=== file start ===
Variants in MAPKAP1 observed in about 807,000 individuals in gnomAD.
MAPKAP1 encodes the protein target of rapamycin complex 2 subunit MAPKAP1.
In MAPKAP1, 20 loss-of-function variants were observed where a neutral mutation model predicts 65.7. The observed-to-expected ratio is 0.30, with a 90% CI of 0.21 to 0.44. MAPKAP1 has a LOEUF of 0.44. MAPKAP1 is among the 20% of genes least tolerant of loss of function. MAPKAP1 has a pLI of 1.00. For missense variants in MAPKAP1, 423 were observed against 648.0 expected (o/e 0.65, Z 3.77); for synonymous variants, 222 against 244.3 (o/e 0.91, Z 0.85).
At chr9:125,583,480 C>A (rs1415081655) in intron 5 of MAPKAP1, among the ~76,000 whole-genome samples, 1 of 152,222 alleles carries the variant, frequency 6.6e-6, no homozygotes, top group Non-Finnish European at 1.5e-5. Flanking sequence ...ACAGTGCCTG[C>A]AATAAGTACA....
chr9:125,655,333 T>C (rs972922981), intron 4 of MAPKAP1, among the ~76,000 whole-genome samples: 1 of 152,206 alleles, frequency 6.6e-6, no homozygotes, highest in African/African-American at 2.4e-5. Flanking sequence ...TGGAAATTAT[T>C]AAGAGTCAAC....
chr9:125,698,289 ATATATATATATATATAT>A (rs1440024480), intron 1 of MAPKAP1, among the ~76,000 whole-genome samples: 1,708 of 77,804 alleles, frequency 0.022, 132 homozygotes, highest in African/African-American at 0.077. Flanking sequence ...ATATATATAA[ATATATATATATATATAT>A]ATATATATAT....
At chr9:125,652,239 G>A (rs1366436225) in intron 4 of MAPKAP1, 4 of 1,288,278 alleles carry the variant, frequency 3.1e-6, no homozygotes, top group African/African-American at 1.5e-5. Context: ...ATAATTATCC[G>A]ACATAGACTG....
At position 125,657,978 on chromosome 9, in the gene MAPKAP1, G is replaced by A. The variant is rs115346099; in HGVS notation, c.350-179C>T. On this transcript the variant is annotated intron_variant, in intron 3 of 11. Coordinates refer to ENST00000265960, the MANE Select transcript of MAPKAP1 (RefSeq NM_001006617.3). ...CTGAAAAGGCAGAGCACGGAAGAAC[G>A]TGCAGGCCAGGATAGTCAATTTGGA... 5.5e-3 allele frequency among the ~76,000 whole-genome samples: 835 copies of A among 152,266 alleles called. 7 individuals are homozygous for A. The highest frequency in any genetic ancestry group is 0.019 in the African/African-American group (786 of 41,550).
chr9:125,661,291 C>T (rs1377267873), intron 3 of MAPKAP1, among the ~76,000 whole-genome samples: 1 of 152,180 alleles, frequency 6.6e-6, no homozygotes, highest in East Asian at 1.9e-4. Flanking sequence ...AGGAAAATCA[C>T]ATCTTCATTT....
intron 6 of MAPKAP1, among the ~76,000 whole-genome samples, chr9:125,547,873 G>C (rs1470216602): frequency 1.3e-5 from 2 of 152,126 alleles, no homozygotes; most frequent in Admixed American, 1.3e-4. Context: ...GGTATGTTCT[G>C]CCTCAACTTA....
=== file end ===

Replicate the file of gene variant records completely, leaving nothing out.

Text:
Variants in MAPKAP1 observed in about 807,000 individuals in gnomAD.
MAPKAP1 encodes the protein target of rapamycin complex 2 subunit MAPKAP1.
In MAPKAP1, 20 loss-of-function variants were observed where a neutral mutation model predicts 65.7. The observed-to-expected ratio is 0.30, with a 90% CI of 0.21 to 0.44. MAPKAP1 has a LOEUF of 0.44. MAPKAP1 is among the 20% of genes least tolerant of loss of function. MAPKAP1 has a pLI of 1.00. For missense variants in MAPKAP1, 423 were observed against 648.0 expected (o/e 0.65, Z 3.77); for synonymous variants, 222 against 244.3 (o/e 0.91, Z 0.85).
At chr9:125,583,480 C>A (rs1415081655) in intron 5 of MAPKAP1, among the ~76,000 whole-genome samples, 1 of 152,222 alleles carries the variant, frequency 6.6e-6, no homozygotes, top group Non-Finnish European at 1.5e-5. Flanking sequence ...ACAGTGCCTG[C>A]AATAAGTACA....
chr9:125,655,333 T>C (rs972922981), intron 4 of MAPKAP1, among the ~76,000 whole-genome samples: 1 of 152,206 alleles, frequency 6.6e-6, no homozygotes, highest in African/African-American at 2.4e-5. Flanking sequence ...TGGAAATTAT[T>C]AAGAGTCAAC....
chr9:125,698,289 ATATATATATATATATAT>A (rs1440024480), intron 1 of MAPKAP1, among the ~76,000 whole-genome samples: 1,708 of 77,804 alleles, frequency 0.022, 132 homozygotes, highest in African/African-American at 0.077. Flanking sequence ...ATATATATAA[ATATATATATATATATAT>A]ATATATATAT....
At chr9:125,652,239 G>A (rs1366436225) in intron 4 of MAPKAP1, 4 of 1,288,278 alleles carry the variant, frequency 3.1e-6, no homozygotes, top group African/African-American at 1.5e-5. Context: ...ATAATTATCC[G>A]ACATAGACTG....
At position 125,657,978 on chromosome 9, in the gene MAPKAP1, G is replaced by A. The variant is rs115346099; in HGVS notation, c.350-179C>T. On this transcript the variant is annotated intron_variant, in intron 3 of 11. Coordinates refer to ENST00000265960, the MANE Select transcript of MAPKAP1 (RefSeq NM_001006617.3). ...CTGAAAAGGCAGAGCACGGAAGAAC[G>A]TGCAGGCCAGGATAGTCAATTTGGA... 5.5e-3 allele frequency among the ~76,000 whole-genome samples: 835 copies of A among 152,266 alleles called. 7 individuals are homozygous for A. The highest frequency in any genetic ancestry group is 0.019 in the African/African-American group (786 of 41,550).
chr9:125,661,291 C>T (rs1377267873), intron 3 of MAPKAP1, among the ~76,000 whole-genome samples: 1 of 152,180 alleles, frequency 6.6e-6, no homozygotes, highest in East Asian at 1.9e-4. Flanking sequence ...AGGAAAATCA[C>T]ATCTTCATTT....
intron 6 of MAPKAP1, among the ~76,000 whole-genome samples, chr9:125,547,873 G>C (rs1470216602): frequency 1.3e-5 from 2 of 152,126 alleles, no homozygotes; most frequent in Admixed American, 1.3e-4. Context: ...GGTATGTTCT[G>C]CCTCAACTTA....